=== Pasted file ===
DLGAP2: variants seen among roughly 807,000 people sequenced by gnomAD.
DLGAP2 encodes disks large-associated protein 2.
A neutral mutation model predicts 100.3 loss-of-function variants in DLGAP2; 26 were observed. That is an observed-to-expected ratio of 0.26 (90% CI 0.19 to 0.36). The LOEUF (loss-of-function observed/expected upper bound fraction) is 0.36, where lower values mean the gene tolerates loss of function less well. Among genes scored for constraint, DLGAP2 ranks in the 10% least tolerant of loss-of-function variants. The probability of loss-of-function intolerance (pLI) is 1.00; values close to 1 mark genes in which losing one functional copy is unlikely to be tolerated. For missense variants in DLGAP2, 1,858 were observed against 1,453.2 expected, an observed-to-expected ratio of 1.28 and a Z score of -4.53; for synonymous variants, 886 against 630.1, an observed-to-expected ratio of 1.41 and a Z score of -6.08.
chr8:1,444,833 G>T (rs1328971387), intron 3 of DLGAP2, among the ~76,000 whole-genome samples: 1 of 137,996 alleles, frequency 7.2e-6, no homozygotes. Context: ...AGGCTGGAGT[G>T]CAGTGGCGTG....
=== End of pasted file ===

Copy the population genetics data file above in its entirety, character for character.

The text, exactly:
DLGAP2: variants seen among roughly 807,000 people sequenced by gnomAD.
DLGAP2 encodes disks large-associated protein 2.
A neutral mutation model predicts 100.3 loss-of-function variants in DLGAP2; 26 were observed. That is an observed-to-expected ratio of 0.26 (90% CI 0.19 to 0.36). The LOEUF (loss-of-function observed/expected upper bound fraction) is 0.36, where lower values mean the gene tolerates loss of function less well. Among genes scored for constraint, DLGAP2 ranks in the 10% least tolerant of loss-of-function variants. The probability of loss-of-function intolerance (pLI) is 1.00; values close to 1 mark genes in which losing one functional copy is unlikely to be tolerated. For missense variants in DLGAP2, 1,858 were observed against 1,453.2 expected, an observed-to-expected ratio of 1.28 and a Z score of -4.53; for synonymous variants, 886 against 630.1, an observed-to-expected ratio of 1.41 and a Z score of -6.08.
chr8:1,444,833 G>T (rs1328971387), intron 3 of DLGAP2, among the ~76,000 whole-genome samples: 1 of 137,996 alleles, frequency 7.2e-6, no homozygotes. Context: ...AGGCTGGAGT[G>T]CAGTGGCGTG....